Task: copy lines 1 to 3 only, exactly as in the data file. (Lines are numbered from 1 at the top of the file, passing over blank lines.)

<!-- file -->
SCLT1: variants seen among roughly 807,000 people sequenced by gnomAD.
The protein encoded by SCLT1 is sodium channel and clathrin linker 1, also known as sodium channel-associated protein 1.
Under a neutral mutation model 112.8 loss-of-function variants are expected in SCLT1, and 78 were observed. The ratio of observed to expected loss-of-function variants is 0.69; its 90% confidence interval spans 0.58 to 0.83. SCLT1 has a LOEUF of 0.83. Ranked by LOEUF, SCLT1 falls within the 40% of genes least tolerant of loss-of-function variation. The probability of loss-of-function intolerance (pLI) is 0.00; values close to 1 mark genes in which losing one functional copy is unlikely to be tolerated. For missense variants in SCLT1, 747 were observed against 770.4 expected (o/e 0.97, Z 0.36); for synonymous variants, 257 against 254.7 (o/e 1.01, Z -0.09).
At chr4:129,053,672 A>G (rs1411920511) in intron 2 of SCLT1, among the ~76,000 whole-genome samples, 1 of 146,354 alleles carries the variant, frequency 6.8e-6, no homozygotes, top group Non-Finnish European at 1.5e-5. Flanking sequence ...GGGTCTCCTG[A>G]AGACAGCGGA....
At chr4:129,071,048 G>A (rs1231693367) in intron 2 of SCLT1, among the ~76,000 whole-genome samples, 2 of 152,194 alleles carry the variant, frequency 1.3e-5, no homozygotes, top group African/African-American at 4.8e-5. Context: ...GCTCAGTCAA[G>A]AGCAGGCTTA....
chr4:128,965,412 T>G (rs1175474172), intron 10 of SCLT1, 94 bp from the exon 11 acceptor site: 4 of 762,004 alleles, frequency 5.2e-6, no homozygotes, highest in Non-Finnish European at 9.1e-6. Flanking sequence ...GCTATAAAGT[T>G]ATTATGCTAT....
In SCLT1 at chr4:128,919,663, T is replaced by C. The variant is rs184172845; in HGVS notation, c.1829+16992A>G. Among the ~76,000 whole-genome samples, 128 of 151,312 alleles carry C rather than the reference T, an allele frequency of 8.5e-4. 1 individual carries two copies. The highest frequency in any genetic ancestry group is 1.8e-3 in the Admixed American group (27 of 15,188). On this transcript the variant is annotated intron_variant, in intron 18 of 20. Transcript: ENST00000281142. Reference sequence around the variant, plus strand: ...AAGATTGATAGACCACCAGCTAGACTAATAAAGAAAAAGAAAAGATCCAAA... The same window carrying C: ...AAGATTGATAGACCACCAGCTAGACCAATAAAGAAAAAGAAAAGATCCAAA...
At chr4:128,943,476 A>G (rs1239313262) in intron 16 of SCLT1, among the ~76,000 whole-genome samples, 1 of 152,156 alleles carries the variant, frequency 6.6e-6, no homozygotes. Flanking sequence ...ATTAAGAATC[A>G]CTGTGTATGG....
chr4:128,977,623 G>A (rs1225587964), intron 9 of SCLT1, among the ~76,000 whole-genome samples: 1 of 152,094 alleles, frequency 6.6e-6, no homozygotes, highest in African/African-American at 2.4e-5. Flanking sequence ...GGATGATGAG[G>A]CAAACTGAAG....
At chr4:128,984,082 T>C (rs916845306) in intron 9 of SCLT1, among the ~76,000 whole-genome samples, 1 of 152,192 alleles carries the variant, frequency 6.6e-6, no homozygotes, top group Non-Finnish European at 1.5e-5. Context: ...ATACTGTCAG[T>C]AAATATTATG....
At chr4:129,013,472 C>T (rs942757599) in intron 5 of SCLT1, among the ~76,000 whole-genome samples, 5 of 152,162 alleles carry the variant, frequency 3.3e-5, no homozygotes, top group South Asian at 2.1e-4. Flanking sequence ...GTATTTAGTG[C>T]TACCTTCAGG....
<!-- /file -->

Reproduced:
SCLT1: variants seen among roughly 807,000 people sequenced by gnomAD.
The protein encoded by SCLT1 is sodium channel and clathrin linker 1, also known as sodium channel-associated protein 1.
Under a neutral mutation model 112.8 loss-of-function variants are expected in SCLT1, and 78 were observed. The ratio of observed to expected loss-of-function variants is 0.69; its 90% confidence interval spans 0.58 to 0.83. SCLT1 has a LOEUF of 0.83. Ranked by LOEUF, SCLT1 falls within the 40% of genes least tolerant of loss-of-function variation. The probability of loss-of-function intolerance (pLI) is 0.00; values close to 1 mark genes in which losing one functional copy is unlikely to be tolerated. For missense variants in SCLT1, 747 were observed against 770.4 expected (o/e 0.97, Z 0.36); for synonymous variants, 257 against 254.7 (o/e 1.01, Z -0.09).